Last update May 16, 2018
Very Low Risk
Macrolide immunosuppressant drug that inhibits calcineurin which is used to prevent rejection of transplanted organs (kidney, liver, heart ...) and for treatment of atopic eczema, psoriasis and other autoimmune illnesses (e.g. Arthritis, Lupus, Inflammatory Bowel Disease ...) .
Routes of administration: oral for systemic purposes and topical for dermatologic conditions.
A high molecular weight and high protein-binding capacity explain that it is was found in clinically insignificant amounts into colostrum and breast milk (Jain 1997, 2003 French, Gardiner 2006, 2013 Zheng, Bramham 2013).
No problems were observed on short or long term of developmental or immunological outcomes in more than 150 infants whose mothers were treated (French 2003, Gouraud 2012, Thiagarajan 2013, Constantinescu 2014, Izumi 2014), except a mild and self-limited case of transient thrombocytosis (Gouraud 2012).
The plasma levels of drug in these infants were either undetectable or very low (Gomez-Lobo 2012, Gouraud 2012, Bramham 2013, Izumi 2014).
A low oral bioavailability that may further be decreased by ingestion of food, especially if it is fat food, would hamper the passage of drug from ingested milk toward the infant plasma.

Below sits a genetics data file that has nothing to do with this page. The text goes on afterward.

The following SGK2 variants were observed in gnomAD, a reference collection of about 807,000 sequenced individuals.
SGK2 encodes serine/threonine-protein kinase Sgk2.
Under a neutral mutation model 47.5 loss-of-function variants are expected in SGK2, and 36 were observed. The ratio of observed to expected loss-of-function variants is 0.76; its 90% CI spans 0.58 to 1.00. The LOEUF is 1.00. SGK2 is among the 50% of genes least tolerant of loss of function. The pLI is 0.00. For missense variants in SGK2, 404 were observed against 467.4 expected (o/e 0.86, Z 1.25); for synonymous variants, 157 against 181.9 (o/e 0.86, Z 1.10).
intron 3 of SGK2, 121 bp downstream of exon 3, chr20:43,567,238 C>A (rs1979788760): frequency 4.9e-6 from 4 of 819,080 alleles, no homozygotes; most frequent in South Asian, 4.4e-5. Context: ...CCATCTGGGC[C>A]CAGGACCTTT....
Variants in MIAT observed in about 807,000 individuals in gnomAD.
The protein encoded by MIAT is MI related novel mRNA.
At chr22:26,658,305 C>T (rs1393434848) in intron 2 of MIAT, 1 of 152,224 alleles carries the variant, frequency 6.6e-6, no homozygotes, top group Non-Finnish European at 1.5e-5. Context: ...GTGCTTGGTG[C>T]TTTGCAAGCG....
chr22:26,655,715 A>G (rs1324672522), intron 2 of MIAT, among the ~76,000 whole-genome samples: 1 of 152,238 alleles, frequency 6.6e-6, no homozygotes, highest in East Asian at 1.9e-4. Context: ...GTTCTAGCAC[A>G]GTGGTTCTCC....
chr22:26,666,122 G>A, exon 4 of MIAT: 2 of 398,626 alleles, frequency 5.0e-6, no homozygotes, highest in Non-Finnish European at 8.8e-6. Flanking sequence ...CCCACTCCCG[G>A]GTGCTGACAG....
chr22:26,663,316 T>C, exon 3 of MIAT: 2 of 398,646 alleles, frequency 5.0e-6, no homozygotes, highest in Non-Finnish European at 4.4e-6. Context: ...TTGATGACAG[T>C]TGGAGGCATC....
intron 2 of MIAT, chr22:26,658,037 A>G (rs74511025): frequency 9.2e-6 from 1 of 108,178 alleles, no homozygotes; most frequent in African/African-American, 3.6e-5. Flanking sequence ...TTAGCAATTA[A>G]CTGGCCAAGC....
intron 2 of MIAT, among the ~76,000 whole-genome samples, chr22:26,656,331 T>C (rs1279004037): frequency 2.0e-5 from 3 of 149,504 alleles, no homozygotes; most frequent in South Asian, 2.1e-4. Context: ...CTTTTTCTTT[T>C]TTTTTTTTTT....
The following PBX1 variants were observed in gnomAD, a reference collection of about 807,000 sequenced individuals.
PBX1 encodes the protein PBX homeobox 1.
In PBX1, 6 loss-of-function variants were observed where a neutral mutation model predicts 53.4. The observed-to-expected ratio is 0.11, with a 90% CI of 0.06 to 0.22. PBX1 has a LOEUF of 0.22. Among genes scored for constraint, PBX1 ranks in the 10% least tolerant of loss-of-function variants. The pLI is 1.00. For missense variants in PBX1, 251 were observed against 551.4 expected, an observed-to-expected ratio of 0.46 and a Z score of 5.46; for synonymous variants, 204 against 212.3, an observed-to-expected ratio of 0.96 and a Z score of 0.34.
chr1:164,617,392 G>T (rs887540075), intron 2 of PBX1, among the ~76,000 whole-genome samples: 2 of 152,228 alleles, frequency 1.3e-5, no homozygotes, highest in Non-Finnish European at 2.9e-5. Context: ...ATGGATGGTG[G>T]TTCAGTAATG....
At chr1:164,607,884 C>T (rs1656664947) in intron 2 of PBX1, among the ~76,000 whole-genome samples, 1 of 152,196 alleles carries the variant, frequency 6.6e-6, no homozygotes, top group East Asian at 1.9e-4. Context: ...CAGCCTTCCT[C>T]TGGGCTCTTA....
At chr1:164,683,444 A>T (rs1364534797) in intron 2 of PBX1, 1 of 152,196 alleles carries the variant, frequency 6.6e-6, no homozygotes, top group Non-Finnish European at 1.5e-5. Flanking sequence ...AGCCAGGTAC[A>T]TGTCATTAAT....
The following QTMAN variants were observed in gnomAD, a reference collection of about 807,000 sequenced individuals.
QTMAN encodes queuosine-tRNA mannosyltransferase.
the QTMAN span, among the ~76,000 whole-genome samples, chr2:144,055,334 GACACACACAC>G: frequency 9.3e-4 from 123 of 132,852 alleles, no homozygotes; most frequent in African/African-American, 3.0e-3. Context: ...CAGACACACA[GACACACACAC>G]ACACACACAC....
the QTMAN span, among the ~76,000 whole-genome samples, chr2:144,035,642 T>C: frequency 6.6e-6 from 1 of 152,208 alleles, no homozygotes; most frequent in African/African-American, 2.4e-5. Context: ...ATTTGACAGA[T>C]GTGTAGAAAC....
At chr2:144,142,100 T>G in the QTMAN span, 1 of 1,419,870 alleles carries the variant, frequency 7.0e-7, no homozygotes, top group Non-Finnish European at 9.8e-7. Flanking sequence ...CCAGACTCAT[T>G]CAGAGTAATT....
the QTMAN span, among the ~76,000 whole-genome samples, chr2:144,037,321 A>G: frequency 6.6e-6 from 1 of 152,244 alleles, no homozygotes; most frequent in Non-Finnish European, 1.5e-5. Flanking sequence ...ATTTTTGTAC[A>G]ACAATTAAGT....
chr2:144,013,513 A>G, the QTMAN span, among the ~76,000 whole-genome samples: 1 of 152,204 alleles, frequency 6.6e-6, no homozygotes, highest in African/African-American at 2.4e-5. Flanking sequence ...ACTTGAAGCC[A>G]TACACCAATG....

Infants who have been exposed to calcineurin inhibitors during pregnancy may be immunological deficients within the first year of life (Grimer 2007), therefore, it is most important to avoid any lack of breastfeeding without a sound reason.
Several medical societies and consensus by experts have considered safe the use of Tacrolimus while breastfeeding (Østensen 2006, van der Houde 2010, Thiagarajan 2013, Armenti 2013, Constantinescu 2014, Schulze 2014, Durst 2015, Götestam-Skorpen 2016, Flint 2016).
We do not have alternatives for Такролимус since it is relatively safe.
Suggestions made at e-lactancia are done by APILAM team of health professionals, and are based on updated scientific publications. It is not intended to replace the relationship you have with your doctor but to compound it. The pharmaceutical industry contraindicates breastfeeding, mistakenly and without scientific reasons, in most of the drug data sheets.
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